Since the summer of 2020, I’ve featured a piece of classical music each Sunday.

The song “‘Heroes’” from the album of the same title, the second in David Bowie’s (1947-2016) “Berlin Trilogy,” a song co-written with Brian Eno, is certainly not a classical piece. However, it is definitely a rock classic and likely one of Bowie’s most-covered songs.

Quoting from the notes to the post of the official studio version of the song on Peter Gabriel’s YouTube channel, “The track is taken from Peter’s eighth studio album Scratch My Back, the first part of Peter’s song-swap project. Originally conceived as a reciprocal arrangement that would be released as one album it was Peter’s half that arrived first, in 2010, featuring his orchestral interpretations of some of his favourite songs.

The other half of the collection, And I’ll Scratch Yours, was released in 2013, again featuring 12 tracks, this time, other artists covering Gabriel songs. But these were not all the same artists covered in 2010 by Gabriel, as some didn’t provide covers while others refused to participate in the project. (How rude!)

The British arranger, composer and violist John Metcalfe made the orchestral arrangements for most of the songs Gabriel chose for Scratch My Back, including “‘Heroes.’” And they are stunning arrangements. “‘Heroes’” is particularly magnificent: the London Scratch Orchestra starts slowly and softly with violas, and builds to a crescendo at the beginning of the third verse, gradually falling back to a soft ending. It’s the kind of music that gives me goosebumps.

I think the song is about perseverance and dreaming, dusting oneself off, getting back up and hoping for a better future after being knocked down by life’s trials. The song was inspired by Bowie observing producer-engineer Tony Visconti and his wife embracing near the Berlin Wall, and tells the story of lovers who live on either side of the wall. An enlightening 2016 article on Vox.com tells how a 1987 concert by Bowie was seen as provoking global pressures that eventually led to the tearing down of the wall in 1989.

“I, I wish you could swim
Like dolphins, like dolphins can swim
Though nothing will keep us together
We can beat them, for ever and ever
Oh we can be Heroes, just for one day
Oh we can be Heroes, just for one day

I, I will be king
And you, you will be queen
Though nothing will drive us away
Oh we can be Heroes, just for one day
Oh we can be us, just for one day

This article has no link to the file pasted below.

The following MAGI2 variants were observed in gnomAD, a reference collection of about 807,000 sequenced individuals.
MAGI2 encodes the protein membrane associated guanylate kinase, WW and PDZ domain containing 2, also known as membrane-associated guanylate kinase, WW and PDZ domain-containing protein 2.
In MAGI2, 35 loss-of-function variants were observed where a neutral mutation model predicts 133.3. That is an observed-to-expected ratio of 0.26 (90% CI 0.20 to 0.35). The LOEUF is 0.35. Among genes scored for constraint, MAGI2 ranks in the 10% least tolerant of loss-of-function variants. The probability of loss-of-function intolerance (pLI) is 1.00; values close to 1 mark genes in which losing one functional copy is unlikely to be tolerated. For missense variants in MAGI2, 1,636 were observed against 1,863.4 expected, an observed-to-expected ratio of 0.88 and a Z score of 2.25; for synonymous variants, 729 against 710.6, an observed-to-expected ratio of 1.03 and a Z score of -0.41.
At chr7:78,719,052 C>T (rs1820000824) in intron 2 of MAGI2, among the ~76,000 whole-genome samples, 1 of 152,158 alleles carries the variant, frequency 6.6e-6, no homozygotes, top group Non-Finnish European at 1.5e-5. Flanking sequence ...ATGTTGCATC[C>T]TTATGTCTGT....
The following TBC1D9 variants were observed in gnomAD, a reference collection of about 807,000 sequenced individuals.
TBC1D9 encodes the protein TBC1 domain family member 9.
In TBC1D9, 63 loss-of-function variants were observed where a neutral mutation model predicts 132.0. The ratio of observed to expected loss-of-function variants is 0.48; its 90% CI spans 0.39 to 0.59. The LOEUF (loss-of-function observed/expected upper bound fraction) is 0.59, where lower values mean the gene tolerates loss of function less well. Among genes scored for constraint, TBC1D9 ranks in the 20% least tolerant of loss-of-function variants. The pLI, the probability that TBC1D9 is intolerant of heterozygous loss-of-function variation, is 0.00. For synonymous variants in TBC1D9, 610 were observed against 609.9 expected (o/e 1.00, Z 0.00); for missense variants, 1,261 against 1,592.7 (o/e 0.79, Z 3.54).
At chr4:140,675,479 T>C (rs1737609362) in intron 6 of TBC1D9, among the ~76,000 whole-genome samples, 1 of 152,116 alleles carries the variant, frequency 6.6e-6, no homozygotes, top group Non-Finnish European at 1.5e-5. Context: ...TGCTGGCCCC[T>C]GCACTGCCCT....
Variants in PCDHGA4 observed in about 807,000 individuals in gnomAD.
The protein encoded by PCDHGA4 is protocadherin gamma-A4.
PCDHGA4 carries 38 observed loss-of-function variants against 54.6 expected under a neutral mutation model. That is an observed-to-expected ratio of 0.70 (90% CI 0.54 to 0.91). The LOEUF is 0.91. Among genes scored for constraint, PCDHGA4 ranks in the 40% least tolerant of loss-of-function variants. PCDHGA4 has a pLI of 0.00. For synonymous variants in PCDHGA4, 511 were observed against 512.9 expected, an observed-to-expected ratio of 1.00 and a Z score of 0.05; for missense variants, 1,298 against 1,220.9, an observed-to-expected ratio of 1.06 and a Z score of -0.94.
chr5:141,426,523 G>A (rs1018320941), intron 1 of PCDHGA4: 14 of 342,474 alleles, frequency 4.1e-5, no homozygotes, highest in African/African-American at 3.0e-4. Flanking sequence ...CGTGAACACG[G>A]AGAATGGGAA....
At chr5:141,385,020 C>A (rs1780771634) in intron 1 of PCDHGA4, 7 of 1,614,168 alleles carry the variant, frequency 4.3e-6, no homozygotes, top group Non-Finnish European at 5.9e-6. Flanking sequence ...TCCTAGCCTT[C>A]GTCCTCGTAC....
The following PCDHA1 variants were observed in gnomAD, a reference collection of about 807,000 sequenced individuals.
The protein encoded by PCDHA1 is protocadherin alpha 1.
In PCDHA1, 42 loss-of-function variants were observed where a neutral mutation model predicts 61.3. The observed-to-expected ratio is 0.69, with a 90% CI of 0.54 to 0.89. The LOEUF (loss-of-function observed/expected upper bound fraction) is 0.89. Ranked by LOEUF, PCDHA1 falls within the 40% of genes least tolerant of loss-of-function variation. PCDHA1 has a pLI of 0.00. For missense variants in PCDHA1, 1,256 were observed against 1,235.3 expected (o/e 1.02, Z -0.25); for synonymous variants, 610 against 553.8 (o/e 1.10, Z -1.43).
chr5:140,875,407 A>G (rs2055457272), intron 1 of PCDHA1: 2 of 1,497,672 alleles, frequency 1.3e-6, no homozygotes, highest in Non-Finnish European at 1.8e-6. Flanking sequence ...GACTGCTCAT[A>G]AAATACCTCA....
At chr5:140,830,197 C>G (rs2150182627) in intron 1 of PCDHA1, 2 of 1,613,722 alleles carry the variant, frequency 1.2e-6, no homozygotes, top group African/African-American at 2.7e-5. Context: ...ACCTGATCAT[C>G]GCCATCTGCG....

I, I can remember
Standing, standing by the wall
And the guns, shot above our heads
And we kissed, as though nothing could fall
And the shame, the shame was on the other side
Oh we can beat them, for ever and ever
And we can be Heroes, just for one day”

(“‘Heroes,’” by David Bowie, Brian Eno.
Peter Gabriel orchestral rendition arranged by Peter Metcalfe.
Lyrics edited from a version on AZLyrics.com.)

Today’s selection is the third piece I have featured from Scratch My Back; please see my posts on Lou Reed’s “The Power of the Heart” and Bon Iver’s “Flume” for the other two.

Now you know a little about why this is My Song of the Day for Today. Thanks for joining me here, and please enjoy.

Here’s the audio for the song from Peter Gabriel’s YouTube channel:

I also found an official video of a live performance of the piece in Verona, Italy in 2010. I enjoy the visual representation, though I find some of the more subtle orchestration in the studio version comes through a little better. At the same time, when the orchestra really gets going, it’s pretty fabulous, too.

And, it’s not orchestral, so maybe it doesn’t belong on Classical Sunday, but why not check out the official video of Bowie’s original version while you’re here? The video features the radio edit; check here for the full album version that includes additional verses not sung on the radio edit or by Gabriel. (In either version, you’ll notice, among the many “Eno” backing effects, some of that slide guitar I was referencing and comparing in my post earlier this week on LCD Soundsystem’s “call the police.”):

In the 1980s, a cabaret was established in the space formerly occupied by an iconic Winnipeg record store, Autumn Stone. I don’t remember what the club was named, but one evening there I heard a special mix of “Heroes” that I’ve never been able to find. It wasn’t one of those obnoxious mixes that bear no resemblance to the actual song; it simply added some drum elements that added to the appeal of the song.

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